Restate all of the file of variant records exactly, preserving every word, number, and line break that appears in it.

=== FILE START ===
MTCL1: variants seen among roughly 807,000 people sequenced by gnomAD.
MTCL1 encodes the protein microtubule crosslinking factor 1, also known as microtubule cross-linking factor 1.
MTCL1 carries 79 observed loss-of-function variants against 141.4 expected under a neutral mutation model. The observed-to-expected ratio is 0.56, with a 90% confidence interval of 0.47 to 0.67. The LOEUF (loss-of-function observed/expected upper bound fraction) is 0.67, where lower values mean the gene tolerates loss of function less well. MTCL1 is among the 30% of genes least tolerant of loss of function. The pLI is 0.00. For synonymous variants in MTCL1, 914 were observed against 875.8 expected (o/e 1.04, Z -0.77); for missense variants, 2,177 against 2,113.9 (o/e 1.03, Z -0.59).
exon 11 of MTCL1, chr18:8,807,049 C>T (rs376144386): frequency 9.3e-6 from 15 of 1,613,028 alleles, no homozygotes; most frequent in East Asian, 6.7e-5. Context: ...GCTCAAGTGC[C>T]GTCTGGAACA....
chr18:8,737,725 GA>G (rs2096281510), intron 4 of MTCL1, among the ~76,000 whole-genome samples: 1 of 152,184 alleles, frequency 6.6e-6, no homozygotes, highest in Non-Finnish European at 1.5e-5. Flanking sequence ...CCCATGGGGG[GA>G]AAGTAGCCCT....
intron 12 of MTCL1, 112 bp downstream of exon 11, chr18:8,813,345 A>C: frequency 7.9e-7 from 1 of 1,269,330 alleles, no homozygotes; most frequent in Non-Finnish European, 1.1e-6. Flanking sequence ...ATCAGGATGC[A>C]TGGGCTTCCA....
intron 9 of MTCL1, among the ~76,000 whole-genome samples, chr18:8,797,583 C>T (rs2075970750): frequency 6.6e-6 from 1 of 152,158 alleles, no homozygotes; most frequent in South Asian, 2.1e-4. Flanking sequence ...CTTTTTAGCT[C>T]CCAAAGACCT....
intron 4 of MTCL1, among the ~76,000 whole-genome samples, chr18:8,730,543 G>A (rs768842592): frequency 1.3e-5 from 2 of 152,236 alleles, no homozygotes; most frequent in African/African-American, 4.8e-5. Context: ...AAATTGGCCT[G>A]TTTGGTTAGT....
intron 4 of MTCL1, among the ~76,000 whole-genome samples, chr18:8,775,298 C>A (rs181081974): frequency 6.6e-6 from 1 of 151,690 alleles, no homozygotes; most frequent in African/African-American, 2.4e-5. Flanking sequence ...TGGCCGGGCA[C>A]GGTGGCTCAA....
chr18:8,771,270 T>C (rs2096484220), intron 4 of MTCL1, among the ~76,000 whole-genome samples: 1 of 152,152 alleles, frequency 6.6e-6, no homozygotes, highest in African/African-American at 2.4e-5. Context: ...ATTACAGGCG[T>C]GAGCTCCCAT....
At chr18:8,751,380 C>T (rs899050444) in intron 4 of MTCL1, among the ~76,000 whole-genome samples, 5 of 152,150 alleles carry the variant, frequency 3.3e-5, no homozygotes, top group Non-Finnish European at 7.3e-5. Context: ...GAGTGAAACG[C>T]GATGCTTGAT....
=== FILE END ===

MTCL1: variants seen among roughly 807,000 people sequenced by gnomAD.
MTCL1 encodes the protein microtubule crosslinking factor 1, also known as microtubule cross-linking factor 1.
MTCL1 carries 79 observed loss-of-function variants against 141.4 expected under a neutral mutation model. The observed-to-expected ratio is 0.56, with a 90% confidence interval of 0.47 to 0.67. The LOEUF (loss-of-function observed/expected upper bound fraction) is 0.67, where lower values mean the gene tolerates loss of function less well. MTCL1 is among the 30% of genes least tolerant of loss of function. The pLI is 0.00. For synonymous variants in MTCL1, 914 were observed against 875.8 expected (o/e 1.04, Z -0.77); for missense variants, 2,177 against 2,113.9 (o/e 1.03, Z -0.59).
exon 11 of MTCL1, chr18:8,807,049 C>T (rs376144386): frequency 9.3e-6 from 15 of 1,613,028 alleles, no homozygotes; most frequent in East Asian, 6.7e-5. Context: ...GCTCAAGTGC[C>T]GTCTGGAACA....
chr18:8,737,725 GA>G (rs2096281510), intron 4 of MTCL1, among the ~76,000 whole-genome samples: 1 of 152,184 alleles, frequency 6.6e-6, no homozygotes, highest in Non-Finnish European at 1.5e-5. Flanking sequence ...CCCATGGGGG[GA>G]AAGTAGCCCT....
intron 12 of MTCL1, 112 bp downstream of exon 11, chr18:8,813,345 A>C: frequency 7.9e-7 from 1 of 1,269,330 alleles, no homozygotes; most frequent in Non-Finnish European, 1.1e-6. Flanking sequence ...ATCAGGATGC[A>C]TGGGCTTCCA....
intron 9 of MTCL1, among the ~76,000 whole-genome samples, chr18:8,797,583 C>T (rs2075970750): frequency 6.6e-6 from 1 of 152,158 alleles, no homozygotes; most frequent in South Asian, 2.1e-4. Flanking sequence ...CTTTTTAGCT[C>T]CCAAAGACCT....
intron 4 of MTCL1, among the ~76,000 whole-genome samples, chr18:8,730,543 G>A (rs768842592): frequency 1.3e-5 from 2 of 152,236 alleles, no homozygotes; most frequent in African/African-American, 4.8e-5. Context: ...AAATTGGCCT[G>A]TTTGGTTAGT....
intron 4 of MTCL1, among the ~76,000 whole-genome samples, chr18:8,775,298 C>A (rs181081974): frequency 6.6e-6 from 1 of 151,690 alleles, no homozygotes; most frequent in African/African-American, 2.4e-5. Flanking sequence ...TGGCCGGGCA[C>A]GGTGGCTCAA....
chr18:8,771,270 T>C (rs2096484220), intron 4 of MTCL1, among the ~76,000 whole-genome samples: 1 of 152,152 alleles, frequency 6.6e-6, no homozygotes, highest in African/African-American at 2.4e-5. Context: ...ATTACAGGCG[T>C]GAGCTCCCAT....
At chr18:8,751,380 C>T (rs899050444) in intron 4 of MTCL1, among the ~76,000 whole-genome samples, 5 of 152,150 alleles carry the variant, frequency 3.3e-5, no homozygotes, top group Non-Finnish European at 7.3e-5. Context: ...GAGTGAAACG[C>T]GATGCTTGAT....